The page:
There were rumours of further changes in January, but I've not heard them yet. They probably won't affect me, but sometimes these things are retrospective.
 
I am told that NZ is the back door to Australia.

Their relatively easier immigration rules allows large numbers of people to become NZ citizens who then automatically are allowed entry into Australia as Kiwi's two years later.

All the refugees headed to Australia which are taken by NZ end up here two years later anyway.

Or so I hear.

Is this true?
 
I am told that NZ is the back door to Australia.

Their relatively easier immigration rules allows large numbers of people to become NZ citizens who then automatically are allowed entry into Australia as Kiwi's two years later.

All the refugees headed to Australia which are taken by NZ end up here two years later anyway.

Or so I hear.

Is this true?


Certainly true in terms of NZ migrants getting easier access to public welfare in Australia until it was recognised and tightened some years ago.
 
You are probably right....particularly professional or business types coming from Japan, Korea, China or India....

I knew one guy who came to Sydney.....only wanted to live in Holdsworthy...he could have lived in the North or Easy but bought a nice house for 600K in cash so he could be close his wife's family.


G, any further news.

Sash, quite a few of my former clients brought in easily 5 times that amount. $500K goes too quickly when buying and setting up a house, 2 cars and putting kids into private schools and a few other luxuries.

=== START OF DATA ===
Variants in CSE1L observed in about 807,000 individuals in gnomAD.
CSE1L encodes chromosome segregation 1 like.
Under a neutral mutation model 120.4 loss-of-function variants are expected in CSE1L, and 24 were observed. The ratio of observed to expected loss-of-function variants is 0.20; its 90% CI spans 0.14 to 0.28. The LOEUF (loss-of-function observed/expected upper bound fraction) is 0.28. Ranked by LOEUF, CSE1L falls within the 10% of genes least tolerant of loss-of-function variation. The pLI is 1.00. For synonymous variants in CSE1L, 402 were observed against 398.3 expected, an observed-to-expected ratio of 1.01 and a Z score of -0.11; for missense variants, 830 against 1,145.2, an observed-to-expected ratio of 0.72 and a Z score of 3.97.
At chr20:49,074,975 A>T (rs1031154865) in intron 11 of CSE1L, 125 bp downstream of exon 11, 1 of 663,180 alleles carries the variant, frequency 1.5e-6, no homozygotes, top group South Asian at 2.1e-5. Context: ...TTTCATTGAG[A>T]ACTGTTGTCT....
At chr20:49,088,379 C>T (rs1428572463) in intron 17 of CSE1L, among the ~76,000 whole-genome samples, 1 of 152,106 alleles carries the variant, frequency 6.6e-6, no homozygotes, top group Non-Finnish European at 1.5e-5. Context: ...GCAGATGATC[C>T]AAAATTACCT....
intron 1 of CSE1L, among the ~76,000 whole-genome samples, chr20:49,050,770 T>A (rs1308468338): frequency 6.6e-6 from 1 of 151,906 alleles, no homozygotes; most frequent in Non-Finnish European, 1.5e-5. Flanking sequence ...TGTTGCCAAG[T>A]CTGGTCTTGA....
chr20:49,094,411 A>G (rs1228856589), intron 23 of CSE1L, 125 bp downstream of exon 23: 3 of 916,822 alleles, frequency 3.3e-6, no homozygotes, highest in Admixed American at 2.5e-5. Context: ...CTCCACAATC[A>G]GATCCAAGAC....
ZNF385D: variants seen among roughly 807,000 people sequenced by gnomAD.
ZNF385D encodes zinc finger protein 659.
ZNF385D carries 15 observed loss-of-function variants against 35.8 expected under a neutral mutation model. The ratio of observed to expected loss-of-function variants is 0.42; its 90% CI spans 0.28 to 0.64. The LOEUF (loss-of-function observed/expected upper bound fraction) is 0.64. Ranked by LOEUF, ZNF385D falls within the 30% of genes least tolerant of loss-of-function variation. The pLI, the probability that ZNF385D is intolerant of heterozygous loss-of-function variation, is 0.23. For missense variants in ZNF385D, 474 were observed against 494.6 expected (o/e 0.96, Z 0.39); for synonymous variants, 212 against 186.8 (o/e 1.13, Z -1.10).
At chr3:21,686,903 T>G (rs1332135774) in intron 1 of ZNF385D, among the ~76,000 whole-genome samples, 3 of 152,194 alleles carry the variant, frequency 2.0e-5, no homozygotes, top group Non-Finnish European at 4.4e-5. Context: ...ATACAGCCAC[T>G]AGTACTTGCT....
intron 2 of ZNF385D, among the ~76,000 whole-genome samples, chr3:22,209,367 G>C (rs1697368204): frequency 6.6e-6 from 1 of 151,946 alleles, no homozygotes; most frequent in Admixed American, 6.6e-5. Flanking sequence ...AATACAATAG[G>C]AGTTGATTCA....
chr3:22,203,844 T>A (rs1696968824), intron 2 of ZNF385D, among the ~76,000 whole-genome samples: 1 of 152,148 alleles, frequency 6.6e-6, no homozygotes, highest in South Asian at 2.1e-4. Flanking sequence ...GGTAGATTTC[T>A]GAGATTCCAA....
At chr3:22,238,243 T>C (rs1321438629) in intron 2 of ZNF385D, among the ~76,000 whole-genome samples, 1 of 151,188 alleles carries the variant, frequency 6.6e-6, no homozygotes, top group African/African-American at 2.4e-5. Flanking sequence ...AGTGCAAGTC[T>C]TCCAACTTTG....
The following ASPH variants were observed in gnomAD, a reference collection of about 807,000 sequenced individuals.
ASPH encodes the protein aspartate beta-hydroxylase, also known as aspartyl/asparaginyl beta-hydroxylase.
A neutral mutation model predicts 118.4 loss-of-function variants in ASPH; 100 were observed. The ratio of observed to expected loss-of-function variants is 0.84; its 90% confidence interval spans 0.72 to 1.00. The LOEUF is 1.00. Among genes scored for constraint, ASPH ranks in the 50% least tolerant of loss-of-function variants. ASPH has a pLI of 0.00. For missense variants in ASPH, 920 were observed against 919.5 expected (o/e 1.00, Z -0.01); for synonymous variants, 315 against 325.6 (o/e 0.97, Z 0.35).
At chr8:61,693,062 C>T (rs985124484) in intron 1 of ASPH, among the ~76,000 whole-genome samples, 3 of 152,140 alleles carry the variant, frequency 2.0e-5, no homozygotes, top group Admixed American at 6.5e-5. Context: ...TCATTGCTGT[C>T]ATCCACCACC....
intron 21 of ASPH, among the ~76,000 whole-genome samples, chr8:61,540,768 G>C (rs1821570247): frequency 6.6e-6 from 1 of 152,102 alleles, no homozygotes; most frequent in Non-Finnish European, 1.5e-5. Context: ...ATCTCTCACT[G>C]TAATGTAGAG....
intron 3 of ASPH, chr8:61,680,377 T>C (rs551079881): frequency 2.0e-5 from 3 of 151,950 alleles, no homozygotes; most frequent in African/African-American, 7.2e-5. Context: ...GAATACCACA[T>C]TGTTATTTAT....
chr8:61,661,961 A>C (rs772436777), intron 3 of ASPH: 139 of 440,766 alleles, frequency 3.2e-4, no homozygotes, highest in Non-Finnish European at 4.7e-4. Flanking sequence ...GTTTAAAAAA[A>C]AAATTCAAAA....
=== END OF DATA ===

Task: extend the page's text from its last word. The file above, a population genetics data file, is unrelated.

Another update.

There's been another round of changes to the immigration system, with more promised in the middle of the year.

The main change is that the Migration Occupations in Demand List (MODL) is being discontinued. Any occupations listed on this get an extra 15 points, and a subclass 175 visa (which allows for immediate permanent residence with no restrictions) has a passmark of 120.

It looks to me as though this is to make it harder to get a 175, and thereby push migrants towards the state sponsored visas. Particularly when there are State Migration Plans in the pipeline which will give applicants a higher priority.

It is also becoming harder for graduates to get permanent residence, and they now have an 18 month probationary period to get sponsorship from a company. This seems to be a way of stemming the flow through colleges.

The last change is that any applications made before 1st September 2007 are being rejected, with application fees refunded under the Cap and Cease powers that the Immigration Department holds. I'm guessing that this is going to become a rolling cut off date, in which case would-be migrants in the lower priority categories won't actually make it over as they're likely to be waiting for three years or more for a decision.

There's an article at the Age.